Week 8 explores the monopoly problems and the need for anti-monopoly and regulatory tools in the health care and pharmaceuticals sectors. First, describing the problem, the readings discuss U.S. health law and policy’s reliance on market-based policies that shift costs to consumers and encourage concentration of private power among providers and insurers. Allison Hoffman argues that this neoliberal “market bureaucracy,” created by law, delivers subpar health care outcomes in pursuit of illusory conceptions of “individualism” and “choice.” Similarly, Frank Pasquale describes the “hidden costs” of market-based policies that seek to cut health care costs, arguing that they misdiagnose the problem and inadequately compensate the health care expenditures that actually promote positive health outcomes. In pharmaceuticals, meanwhile, the U.S. intellectual property regime has exploded costs for, and restricted access to, lifesaving drugs, as Amy Kapczynski illustrates.
In place of these neoliberal approaches, the readings put forward a variety of proposals that sound in public utility, public options, and other regulatory approaches. Nicholas Bagley points to a long tradition of public utility-style regulation in the health care sector and argues that more stringent regulation of costs, access, and discriminatory pricing in the health care sector would be consistent with American legal tradition. Professor Hoffman discusses the promise of Medicare for All and the democratic movement supporting it. Professor Kapczynski and Jishian Ravinthiran outline the U.S. government’s available avenues, under existing law, to vaccinate the world by expanding access to the necessary IP and dramatically scaling up vaccine manufacturing. Other readings describe the limits of antitrust law in stemming hospital consolidation and the problems with current public-private programs like Medicare Advantage.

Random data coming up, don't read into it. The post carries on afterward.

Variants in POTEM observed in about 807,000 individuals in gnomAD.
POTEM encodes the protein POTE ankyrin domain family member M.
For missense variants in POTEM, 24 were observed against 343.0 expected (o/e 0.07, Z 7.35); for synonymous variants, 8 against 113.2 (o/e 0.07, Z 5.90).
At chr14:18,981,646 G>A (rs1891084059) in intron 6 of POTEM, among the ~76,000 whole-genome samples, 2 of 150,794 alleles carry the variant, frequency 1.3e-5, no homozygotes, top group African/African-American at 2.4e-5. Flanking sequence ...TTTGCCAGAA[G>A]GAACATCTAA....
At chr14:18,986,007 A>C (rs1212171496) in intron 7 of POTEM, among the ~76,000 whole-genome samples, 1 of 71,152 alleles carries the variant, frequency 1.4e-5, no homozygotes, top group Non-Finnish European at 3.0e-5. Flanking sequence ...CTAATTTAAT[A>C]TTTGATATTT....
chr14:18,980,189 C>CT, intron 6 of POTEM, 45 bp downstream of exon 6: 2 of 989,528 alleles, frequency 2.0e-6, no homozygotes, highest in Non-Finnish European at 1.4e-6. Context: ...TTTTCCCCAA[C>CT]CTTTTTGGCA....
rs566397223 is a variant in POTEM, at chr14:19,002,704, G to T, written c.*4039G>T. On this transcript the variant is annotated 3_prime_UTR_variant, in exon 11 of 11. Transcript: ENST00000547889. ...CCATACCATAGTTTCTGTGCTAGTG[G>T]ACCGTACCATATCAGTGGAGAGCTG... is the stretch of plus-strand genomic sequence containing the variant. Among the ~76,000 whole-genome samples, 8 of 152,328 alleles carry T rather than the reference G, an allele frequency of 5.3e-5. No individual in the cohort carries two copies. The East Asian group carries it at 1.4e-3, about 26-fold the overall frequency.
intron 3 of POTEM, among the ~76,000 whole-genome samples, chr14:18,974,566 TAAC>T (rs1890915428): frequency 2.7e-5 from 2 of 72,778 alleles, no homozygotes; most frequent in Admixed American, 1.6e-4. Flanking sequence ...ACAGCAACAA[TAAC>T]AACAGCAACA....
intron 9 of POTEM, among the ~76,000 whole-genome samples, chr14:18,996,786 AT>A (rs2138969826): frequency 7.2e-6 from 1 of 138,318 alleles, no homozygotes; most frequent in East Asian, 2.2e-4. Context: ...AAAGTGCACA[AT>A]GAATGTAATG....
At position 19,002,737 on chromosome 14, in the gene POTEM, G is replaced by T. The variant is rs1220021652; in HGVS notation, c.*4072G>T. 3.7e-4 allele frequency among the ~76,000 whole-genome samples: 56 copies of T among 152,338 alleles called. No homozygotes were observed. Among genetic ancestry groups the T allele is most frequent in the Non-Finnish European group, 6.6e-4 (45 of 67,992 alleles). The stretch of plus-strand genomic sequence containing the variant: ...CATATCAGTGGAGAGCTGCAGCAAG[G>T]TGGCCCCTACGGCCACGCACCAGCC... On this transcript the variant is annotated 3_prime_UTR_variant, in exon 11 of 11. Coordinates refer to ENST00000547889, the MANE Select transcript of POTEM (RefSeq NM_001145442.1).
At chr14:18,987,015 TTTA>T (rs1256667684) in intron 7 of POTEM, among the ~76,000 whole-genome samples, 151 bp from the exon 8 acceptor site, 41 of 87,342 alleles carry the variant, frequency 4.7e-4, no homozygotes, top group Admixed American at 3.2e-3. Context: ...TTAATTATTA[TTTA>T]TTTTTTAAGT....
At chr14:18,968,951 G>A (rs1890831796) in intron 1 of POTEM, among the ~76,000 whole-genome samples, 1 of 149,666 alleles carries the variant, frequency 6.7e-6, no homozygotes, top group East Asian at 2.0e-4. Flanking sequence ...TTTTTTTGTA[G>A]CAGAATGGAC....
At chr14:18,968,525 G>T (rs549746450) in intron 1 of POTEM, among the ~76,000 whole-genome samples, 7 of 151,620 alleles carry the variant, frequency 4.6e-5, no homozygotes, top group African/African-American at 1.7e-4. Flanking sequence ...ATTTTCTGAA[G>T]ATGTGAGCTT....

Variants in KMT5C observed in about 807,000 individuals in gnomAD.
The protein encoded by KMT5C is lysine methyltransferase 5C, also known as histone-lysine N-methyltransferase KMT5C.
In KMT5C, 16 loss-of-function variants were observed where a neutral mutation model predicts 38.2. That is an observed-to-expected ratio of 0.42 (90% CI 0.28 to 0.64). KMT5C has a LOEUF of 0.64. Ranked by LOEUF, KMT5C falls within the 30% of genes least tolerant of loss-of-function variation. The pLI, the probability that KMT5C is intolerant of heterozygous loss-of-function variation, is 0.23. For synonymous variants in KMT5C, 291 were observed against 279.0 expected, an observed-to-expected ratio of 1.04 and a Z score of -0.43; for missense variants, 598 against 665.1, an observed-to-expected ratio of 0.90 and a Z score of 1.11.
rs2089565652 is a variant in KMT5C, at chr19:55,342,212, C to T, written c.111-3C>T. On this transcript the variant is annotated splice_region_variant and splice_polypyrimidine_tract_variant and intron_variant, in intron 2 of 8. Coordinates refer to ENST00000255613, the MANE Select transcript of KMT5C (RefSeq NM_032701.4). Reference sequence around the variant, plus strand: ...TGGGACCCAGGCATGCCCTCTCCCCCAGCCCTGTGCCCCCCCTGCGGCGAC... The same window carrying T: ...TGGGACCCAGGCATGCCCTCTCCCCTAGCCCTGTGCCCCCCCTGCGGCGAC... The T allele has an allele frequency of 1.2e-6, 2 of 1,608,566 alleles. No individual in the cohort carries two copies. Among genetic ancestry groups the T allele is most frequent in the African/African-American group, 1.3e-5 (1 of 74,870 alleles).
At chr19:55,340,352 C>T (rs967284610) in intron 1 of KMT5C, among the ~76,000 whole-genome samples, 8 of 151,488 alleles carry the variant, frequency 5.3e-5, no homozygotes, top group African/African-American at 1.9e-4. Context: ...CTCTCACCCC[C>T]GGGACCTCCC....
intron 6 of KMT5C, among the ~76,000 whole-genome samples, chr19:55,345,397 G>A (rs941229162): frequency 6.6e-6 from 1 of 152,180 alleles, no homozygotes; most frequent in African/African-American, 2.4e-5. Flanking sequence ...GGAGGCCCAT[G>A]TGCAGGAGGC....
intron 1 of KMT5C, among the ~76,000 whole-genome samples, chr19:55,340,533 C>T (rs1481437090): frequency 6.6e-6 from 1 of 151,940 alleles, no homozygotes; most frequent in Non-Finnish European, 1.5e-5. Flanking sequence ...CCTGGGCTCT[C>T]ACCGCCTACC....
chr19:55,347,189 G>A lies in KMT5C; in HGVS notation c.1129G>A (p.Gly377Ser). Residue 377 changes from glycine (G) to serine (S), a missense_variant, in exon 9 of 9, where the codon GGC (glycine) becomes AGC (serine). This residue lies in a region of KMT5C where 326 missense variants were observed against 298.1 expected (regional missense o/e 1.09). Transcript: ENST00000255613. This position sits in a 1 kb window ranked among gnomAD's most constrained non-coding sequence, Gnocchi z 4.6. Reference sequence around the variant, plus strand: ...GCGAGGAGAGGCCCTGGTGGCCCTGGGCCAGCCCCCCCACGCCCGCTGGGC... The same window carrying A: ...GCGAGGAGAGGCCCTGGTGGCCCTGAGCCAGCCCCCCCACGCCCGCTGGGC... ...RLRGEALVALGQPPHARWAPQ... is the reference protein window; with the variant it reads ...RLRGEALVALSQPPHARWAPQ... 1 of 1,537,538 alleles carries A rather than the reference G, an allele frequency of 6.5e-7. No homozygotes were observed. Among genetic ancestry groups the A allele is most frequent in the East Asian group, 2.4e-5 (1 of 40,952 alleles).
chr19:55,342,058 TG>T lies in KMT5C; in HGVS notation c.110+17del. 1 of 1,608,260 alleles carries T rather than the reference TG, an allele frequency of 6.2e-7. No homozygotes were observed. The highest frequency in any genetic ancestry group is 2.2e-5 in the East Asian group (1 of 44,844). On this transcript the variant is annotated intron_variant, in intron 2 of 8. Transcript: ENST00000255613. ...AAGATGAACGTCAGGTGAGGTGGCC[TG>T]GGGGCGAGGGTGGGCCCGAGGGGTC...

In the lecture video, Professor Hoffman dives into the limitations of competition and traditional regulatory tools in the health care sector. She details how the patchwork of government programs’ overreliance on markets fails to keep health care affordable and accessible. She also discusses the failures of antitrust doctrine to prevent consolidation among health care providers. Finally, she discusses health insurance reform options and the extent to which they would redress these failures. Professor Kapczynski details the skyrocketing costs of prescription drugs and how IP laws and regulatory regimes have combined to drive prices up and restrict access. Thus, according to Professor Kapczynski, “there is no free market in medicines.” Given that, the question is not free market versus government solutions, but how government can more equitably structure the provisioning of lifesaving drugs through law.